We have seen a growing curiosity about the issue of internationalization and best practices adoption and its impacts on the convergence of employment relations. Before we discuss about the key issues in international industrial relations, we should know what is IR and IIR.
Industrial relations refers to a set of phenomena, both inside and outside the workplace, worried about identifying and managing the employment relationship. International Industrial Relations (IIR) handles the complicated associations between employers employing foreign nationals, employees of various nationalities, home and host country governing bodies and trade unions of the organizations functioning in different nations around the world in addition to their national & international federations.
Globalization and international trade has put stress on organizations to standardize practices and policies. Globalization’s influences on Human Resource Management come through the opening and penetration of economic systems to outside forces. This is certainly a two-way procedure, with both local organizations and multinational corporations embrace one another’s HRM practice.
What are the Key Issues in International Industrial Relations (IIR)?
Issue 1: Who should handle Labour Relations – Headquarter or the subsidiary in the concerned country
The national dissimilarities in economics, political, and legal systems create diverse labour-relations system across countries, MNCs HQs typically delegate the control over labour relations to their foreign subsidiaries. Having said that, the participation of the MNC headquarters in host-country labour relations is impacted by 4 key elements:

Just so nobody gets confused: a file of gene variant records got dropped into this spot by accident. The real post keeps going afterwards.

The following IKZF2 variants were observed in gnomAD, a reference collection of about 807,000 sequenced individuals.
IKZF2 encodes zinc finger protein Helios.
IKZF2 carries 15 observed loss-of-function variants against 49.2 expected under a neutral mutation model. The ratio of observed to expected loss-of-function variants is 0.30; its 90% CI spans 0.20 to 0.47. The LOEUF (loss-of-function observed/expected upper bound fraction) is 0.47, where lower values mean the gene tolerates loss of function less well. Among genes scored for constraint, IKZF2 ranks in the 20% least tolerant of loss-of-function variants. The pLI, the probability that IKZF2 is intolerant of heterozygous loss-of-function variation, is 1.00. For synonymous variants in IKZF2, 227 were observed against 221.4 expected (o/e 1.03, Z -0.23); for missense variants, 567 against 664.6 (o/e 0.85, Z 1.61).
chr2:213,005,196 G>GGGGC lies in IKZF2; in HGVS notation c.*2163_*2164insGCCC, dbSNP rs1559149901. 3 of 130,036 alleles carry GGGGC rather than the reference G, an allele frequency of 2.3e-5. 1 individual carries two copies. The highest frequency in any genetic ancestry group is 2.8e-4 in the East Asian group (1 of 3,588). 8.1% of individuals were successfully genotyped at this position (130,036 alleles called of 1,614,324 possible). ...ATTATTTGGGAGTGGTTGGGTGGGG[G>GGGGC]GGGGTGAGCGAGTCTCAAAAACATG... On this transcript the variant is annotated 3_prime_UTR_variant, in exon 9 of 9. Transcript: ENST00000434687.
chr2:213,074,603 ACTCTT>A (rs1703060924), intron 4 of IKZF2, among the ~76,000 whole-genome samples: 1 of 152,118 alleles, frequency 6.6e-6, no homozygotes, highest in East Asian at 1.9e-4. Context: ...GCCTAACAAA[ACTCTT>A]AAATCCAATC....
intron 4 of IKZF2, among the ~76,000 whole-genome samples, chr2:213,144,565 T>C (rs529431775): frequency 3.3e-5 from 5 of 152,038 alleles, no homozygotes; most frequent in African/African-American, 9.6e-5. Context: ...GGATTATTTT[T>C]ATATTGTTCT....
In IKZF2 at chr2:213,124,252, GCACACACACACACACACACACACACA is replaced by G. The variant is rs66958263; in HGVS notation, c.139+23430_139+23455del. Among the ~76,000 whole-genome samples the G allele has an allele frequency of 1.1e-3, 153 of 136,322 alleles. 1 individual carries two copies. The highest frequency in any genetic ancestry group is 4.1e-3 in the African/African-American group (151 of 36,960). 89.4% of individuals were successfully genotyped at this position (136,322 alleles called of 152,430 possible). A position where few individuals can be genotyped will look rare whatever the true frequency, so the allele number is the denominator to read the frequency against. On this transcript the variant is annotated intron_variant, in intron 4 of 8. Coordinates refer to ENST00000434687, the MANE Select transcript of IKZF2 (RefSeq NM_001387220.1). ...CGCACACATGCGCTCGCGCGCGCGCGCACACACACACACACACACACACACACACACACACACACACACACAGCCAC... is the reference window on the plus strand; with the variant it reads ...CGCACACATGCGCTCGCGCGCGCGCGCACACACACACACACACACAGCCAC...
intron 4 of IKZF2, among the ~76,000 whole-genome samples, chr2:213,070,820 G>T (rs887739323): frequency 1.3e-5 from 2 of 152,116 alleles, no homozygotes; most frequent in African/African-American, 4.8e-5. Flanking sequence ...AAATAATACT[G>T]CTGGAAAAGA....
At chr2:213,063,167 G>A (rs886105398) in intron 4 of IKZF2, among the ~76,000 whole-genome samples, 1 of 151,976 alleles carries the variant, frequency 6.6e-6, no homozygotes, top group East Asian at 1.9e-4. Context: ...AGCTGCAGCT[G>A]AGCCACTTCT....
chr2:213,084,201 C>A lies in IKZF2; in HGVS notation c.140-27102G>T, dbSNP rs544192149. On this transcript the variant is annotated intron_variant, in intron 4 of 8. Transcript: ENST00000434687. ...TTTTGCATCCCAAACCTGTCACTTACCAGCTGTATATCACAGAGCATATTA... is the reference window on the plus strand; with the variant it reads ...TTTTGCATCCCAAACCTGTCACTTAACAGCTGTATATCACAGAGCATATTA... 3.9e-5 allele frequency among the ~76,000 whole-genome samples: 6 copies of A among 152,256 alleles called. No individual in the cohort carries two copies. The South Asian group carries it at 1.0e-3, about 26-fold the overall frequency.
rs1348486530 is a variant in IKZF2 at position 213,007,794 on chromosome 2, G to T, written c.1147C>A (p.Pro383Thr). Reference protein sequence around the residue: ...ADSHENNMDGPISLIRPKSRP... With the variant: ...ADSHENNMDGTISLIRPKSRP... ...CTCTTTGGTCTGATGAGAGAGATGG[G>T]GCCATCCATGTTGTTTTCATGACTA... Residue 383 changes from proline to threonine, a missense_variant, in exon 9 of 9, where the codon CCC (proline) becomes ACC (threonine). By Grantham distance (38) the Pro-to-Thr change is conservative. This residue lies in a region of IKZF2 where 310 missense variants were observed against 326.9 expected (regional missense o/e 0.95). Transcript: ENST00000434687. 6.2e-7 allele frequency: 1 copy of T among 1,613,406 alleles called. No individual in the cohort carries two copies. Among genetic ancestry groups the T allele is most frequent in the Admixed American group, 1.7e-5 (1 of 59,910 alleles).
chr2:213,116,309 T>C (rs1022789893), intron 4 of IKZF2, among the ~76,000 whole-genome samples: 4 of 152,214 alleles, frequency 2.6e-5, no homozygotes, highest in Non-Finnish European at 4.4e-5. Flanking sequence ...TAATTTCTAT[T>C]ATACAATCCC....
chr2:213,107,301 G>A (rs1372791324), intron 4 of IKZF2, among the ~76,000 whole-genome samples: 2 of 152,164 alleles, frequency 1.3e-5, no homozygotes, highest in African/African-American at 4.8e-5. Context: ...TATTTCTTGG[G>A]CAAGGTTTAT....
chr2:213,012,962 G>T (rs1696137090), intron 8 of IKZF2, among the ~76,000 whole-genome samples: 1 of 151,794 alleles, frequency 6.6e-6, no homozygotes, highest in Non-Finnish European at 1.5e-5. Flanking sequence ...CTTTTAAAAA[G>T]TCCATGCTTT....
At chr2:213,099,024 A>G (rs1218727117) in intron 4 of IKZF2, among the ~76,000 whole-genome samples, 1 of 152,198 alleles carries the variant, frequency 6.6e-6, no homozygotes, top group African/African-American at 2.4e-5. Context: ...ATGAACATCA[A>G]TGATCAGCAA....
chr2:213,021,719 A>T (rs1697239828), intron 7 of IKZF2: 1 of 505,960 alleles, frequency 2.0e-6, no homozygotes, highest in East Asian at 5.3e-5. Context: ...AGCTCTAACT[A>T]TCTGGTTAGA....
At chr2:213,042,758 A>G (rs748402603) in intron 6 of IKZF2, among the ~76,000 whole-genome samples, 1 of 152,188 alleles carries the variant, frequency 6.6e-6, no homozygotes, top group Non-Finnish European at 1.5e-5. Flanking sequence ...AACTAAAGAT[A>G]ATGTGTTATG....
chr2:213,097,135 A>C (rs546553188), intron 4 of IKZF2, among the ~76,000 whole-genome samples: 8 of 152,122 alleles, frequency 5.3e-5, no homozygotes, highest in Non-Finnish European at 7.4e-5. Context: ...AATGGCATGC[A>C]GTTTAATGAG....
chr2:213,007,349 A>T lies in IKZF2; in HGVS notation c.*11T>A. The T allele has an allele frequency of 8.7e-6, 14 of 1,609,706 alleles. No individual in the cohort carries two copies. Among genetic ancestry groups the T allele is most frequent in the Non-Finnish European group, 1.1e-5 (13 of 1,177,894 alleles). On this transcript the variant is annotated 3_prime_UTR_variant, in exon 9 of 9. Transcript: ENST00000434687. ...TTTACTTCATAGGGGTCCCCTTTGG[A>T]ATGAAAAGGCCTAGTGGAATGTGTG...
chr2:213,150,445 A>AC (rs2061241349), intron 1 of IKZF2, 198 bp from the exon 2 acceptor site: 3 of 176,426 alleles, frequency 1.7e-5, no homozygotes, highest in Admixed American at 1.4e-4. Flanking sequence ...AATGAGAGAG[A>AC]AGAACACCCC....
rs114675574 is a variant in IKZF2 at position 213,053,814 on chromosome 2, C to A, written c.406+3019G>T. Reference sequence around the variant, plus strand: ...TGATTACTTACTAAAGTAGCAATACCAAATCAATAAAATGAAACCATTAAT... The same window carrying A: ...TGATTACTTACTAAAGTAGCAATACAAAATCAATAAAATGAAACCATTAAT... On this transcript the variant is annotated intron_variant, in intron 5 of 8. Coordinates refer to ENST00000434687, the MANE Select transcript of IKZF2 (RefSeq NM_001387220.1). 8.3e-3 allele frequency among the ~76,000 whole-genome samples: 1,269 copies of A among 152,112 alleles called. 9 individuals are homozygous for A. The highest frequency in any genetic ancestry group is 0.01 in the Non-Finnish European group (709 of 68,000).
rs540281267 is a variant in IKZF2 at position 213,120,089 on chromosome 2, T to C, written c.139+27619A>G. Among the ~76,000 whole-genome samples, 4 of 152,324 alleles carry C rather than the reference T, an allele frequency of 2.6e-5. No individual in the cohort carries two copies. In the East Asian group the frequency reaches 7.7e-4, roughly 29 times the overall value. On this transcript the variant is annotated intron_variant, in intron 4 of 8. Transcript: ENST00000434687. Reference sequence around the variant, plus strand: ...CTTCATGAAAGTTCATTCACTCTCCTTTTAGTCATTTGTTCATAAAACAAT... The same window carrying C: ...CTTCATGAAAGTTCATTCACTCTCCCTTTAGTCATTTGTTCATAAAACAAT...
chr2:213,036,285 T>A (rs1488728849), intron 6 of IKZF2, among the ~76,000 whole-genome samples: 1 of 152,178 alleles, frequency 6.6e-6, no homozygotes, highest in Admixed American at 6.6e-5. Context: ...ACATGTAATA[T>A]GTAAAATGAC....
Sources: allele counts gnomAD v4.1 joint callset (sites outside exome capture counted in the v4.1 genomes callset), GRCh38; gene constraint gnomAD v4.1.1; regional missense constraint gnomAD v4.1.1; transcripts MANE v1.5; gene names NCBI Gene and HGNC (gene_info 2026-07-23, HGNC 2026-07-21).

1. In case there is a high level of inter-subsidiary production integration,the labour relations function is centralised and is coordinated by the head quarter.
2. The nationality of ownership of the subsidiary has an influence on who should take care of employee relations.
3. Furthermore, subsidiary character has a bearing on who should deal with employee relations.
4. Finally, where a subsidiary is dependent more on its parent company for resources, you will see a greater corporate involvement in labour relations.
Issue 2: Trade Union Tactics
Trade Unions make use of a number of tactics to deal with international business:
1. The most common one is ‘strike’. A strike is a concerted and temporary suspension of work, intended to put pressure. Unions should be cautions prior to resorting to a strike in international scenario because the bargaining power of a union could possibly be threatened or weakened by the financial resources of an MNC. This is specially evident where a multinational firm uses transnational sourcing and cross subsidization of its products or parts across different international locations.
2. Form International Trade Secretariats (ITSs): There are Fifteen ITSs who help the exchange of information. Main objective of ITSs is to accomplish transactional bargaining with the MNCs.